First Problem for Democratic House Recruits to Solve? Residency

Nathan L. Gonzales April 25, 2013 · 12:20 PM EDT

House Democrats are promoting a crop of “problem solvers” in their effort to expand the number of competitive districts and win back the majority. But for many of these new recruits, the first problem for them to solve is if, when or where to move into the congressional district they want to run in.

In Colorado’s 6th District, Democrats are ecstatic about former state House Speaker Andrew Romanoff’s challenge to GOP Rep. Mike Coffman. Romanoff got off to a strong fundraising start but also had to move from the Cherry Creek area of Denver to Aurora, the population-base (and Coffman’s home) in the district. Coffman defeated Denver attorney Joe Miklosi in 2012. 

In Pennsylvania’s 8th District, Democrats are promoting 33 year-old former Army Ranger Kevin Strouse as a top-tier challenger to Rep. Mike Fitzpatrick (R) in the Philadelphia suburbs. But Strouse grew up in Delaware County (southwest of Philadelphia), served tours of duty in Iraq and Afghanistan, then lived in Washington, DC while he worked for the CIA until last month when he and his family relocated to Bucks County (northeast of Philadelphia).

Candidates and Members are not constitutionally required to live in their districts, just be residents of their state. But it is striking that so many of the initial top Democratic recruits may have to deal with the issue.

In New York’s 19th District, Democrats are looking to 26 year-old investor Sean Eldridge to defeat GOP Rep. Chris Gibson. Eldridge and his husband, Facebook co-founder Chris Hughes, recently purchased a home in Shokan (Ulster County), which is about 60 miles from Garrison, in the 18th District where Eldridge apparently thought about running in 2012. The couple also owns a loft in the Soho neighborhood of New York City.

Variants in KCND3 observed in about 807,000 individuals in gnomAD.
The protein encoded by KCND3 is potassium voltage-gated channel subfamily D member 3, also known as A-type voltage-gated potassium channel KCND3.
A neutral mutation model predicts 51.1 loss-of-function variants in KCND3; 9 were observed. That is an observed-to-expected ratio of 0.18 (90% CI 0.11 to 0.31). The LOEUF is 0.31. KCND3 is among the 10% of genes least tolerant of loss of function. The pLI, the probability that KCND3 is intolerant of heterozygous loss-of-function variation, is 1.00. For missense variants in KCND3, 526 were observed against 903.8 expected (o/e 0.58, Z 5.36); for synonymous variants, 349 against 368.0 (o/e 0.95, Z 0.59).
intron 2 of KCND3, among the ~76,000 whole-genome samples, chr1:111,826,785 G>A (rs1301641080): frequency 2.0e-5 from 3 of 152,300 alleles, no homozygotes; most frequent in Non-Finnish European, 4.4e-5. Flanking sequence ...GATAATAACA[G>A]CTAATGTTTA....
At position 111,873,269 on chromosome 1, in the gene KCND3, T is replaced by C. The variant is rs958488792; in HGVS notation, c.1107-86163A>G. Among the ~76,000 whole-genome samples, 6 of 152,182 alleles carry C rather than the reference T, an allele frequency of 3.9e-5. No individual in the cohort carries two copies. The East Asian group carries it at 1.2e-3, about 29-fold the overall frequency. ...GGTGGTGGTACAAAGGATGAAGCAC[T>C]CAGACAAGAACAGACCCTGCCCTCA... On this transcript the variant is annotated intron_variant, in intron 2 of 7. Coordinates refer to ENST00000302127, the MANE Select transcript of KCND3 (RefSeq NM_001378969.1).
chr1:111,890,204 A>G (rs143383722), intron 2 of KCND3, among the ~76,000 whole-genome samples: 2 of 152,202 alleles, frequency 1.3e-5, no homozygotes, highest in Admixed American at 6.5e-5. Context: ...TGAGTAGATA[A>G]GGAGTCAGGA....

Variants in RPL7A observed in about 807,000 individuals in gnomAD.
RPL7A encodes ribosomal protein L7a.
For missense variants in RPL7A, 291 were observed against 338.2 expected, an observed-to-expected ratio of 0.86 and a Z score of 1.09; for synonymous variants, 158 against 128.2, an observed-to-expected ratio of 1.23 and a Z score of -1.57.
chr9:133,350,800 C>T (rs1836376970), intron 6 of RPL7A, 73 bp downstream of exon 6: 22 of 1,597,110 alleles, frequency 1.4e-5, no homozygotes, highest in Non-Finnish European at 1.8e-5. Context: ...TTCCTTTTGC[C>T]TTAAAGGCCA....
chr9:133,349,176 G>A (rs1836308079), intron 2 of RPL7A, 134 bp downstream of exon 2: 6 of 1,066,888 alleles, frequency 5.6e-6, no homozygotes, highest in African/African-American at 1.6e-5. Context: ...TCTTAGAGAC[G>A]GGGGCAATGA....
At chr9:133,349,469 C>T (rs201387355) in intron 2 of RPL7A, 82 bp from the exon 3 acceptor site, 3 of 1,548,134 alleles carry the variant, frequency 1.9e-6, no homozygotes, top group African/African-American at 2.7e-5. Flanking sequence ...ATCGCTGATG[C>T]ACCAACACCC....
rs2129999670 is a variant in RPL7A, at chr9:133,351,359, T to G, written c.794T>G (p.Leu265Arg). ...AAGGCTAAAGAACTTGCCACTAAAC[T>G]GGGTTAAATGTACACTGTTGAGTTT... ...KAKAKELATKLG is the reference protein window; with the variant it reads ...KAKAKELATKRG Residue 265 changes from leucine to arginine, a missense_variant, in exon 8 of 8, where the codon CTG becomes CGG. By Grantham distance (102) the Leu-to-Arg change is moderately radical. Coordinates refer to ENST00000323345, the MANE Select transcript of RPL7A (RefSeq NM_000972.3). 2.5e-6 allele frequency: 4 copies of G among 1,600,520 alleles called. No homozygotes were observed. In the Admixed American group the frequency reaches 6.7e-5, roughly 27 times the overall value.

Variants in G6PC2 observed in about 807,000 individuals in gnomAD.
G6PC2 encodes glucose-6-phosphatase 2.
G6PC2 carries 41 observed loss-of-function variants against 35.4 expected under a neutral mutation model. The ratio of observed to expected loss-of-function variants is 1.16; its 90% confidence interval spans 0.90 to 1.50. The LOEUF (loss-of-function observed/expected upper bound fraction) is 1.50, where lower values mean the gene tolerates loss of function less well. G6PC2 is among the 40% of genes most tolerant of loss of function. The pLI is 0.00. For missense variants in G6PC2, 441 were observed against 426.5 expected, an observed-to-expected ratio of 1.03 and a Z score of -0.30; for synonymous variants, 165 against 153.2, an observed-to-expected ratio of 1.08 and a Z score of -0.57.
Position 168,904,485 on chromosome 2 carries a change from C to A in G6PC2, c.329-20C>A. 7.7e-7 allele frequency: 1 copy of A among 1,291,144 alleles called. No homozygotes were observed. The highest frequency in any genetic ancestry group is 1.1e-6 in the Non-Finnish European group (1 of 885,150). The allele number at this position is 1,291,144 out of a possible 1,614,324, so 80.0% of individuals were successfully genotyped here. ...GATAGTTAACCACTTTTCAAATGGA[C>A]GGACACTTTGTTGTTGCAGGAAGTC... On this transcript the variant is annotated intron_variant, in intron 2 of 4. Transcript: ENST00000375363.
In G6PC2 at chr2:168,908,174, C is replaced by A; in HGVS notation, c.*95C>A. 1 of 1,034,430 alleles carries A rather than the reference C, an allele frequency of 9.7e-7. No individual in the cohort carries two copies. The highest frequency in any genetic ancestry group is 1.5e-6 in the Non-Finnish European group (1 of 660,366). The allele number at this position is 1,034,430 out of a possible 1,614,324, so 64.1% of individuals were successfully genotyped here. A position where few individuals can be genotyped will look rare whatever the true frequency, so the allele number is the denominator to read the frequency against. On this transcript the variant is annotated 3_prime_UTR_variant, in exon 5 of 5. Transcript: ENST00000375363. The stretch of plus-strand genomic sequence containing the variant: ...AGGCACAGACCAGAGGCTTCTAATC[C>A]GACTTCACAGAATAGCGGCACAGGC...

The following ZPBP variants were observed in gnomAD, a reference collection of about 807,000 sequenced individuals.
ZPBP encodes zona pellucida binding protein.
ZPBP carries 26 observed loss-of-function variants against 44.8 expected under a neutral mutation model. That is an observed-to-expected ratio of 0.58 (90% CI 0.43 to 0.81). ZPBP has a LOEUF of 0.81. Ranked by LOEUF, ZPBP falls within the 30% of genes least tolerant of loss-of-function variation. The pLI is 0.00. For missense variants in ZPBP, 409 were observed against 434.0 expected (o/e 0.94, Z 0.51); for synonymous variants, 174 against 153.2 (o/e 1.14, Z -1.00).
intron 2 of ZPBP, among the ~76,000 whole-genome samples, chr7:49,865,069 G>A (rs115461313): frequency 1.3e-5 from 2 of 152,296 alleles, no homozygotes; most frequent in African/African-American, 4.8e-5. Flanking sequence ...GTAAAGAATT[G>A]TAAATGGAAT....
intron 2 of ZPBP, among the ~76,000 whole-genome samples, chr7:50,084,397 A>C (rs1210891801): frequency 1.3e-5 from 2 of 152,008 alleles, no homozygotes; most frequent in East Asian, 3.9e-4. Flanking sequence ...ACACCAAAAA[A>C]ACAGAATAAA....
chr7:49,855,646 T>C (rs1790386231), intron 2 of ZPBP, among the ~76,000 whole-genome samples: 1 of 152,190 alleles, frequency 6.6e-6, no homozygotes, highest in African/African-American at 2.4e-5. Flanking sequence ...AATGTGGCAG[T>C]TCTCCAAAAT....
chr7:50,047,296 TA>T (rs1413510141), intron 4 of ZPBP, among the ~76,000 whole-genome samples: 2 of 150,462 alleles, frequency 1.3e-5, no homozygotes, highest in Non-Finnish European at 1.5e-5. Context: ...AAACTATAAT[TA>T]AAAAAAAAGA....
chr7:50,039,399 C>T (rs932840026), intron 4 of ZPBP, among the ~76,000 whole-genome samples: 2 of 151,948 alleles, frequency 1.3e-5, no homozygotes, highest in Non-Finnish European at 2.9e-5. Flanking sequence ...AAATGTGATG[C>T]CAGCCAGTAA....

In California’s 10th District, beekeeper and farmer Michael Eggmann announced his challenge to GOP Rep. Jeff Denham on Wednesday. But while he has a strong connection to Turlock (he grew up there and has managed the family farm’s finances there for the last decade), which is in the district, Eggmann and his family live in Kingsburg, about an hour and a half south of the 10th District. And in Nevada’s 3rd District, Democrat Erin Bilbray Kohn is regarded as all-but-announced against GOP Rep. Joe Heck, but she lives in the 1st District.

Of course, living outside the district doesn’t prohibit victory.

In 2012, Democrat john Delaney defeated Rep. Roscoe Bartlett, R, even though he lived less than a mile outside of Maryland’s 6th District, and Democrat John Boccieri was elected in 2008 even though he lived outside of Ohio’s 16th District. Melissa Bean (D) lived 1,400 feet from Illinois’ 8th District when she defeated long-time incumbent Rep. Phil Crane (R) in 2004. In 2010, Republican Morgan Griffith was elected in Virginia’s 9th even though his house was 30 feet from the district line

It’s not only Democratic candidates who may have to deal with the residency issue, some Republican candidates live outside congressional districts too. Grundy County Board Member Chris Balkema is running in Illinois’ 11th District, even though he lives about five and a half miles south in the 16th District. But he is not being touted as a top recruit by GOP strategists. Curtis Bostic, who just lost the GOP runoff to former Gov. Mark Sanford in the special election, lives about 4,500 feet outside of South Carolina’s 1st District.

But unless there is a dramatic wave, a Democratic challenger can’t afford too many missteps in order to knock off a Republican incumbent and it will be up to each of them to make sure residency doesn’t become a key sticking point in a close race.